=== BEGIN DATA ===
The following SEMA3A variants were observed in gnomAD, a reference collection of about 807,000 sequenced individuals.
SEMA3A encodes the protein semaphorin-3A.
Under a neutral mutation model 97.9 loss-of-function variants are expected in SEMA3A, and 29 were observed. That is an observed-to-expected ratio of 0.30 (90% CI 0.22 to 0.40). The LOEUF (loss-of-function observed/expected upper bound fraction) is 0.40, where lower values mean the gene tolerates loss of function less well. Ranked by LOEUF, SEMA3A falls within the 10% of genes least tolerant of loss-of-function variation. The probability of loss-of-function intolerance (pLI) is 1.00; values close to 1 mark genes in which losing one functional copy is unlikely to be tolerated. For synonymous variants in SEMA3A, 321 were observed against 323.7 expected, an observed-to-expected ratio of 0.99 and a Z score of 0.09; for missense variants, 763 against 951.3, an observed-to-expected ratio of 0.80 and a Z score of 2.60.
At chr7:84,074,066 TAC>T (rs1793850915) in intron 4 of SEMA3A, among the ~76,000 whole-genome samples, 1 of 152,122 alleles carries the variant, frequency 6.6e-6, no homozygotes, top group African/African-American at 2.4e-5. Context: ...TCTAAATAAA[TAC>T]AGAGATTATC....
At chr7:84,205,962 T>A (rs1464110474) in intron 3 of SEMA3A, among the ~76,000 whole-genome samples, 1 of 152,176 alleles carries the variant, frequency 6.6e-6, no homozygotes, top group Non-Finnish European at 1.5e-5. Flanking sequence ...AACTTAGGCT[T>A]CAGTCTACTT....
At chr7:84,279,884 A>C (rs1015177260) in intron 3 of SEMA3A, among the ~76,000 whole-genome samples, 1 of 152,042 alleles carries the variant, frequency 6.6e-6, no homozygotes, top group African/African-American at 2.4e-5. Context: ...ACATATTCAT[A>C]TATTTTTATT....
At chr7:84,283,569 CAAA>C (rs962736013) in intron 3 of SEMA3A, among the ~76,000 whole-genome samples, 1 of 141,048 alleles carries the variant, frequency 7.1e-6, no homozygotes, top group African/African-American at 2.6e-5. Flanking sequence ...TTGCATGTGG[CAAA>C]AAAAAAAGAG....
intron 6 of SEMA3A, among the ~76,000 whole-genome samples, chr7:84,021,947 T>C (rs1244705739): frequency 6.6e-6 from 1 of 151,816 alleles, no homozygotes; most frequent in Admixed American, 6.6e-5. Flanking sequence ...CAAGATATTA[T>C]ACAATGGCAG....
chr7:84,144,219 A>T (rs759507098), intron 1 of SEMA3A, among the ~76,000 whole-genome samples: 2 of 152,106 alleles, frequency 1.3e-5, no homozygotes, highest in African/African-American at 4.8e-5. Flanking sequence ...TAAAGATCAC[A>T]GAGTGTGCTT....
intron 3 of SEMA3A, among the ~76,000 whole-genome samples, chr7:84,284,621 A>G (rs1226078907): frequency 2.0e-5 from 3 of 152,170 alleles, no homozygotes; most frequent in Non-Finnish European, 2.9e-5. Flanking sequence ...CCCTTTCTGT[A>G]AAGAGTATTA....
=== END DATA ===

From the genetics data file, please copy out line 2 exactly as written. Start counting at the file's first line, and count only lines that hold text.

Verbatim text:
SEMA3A encodes the protein semaphorin-3A.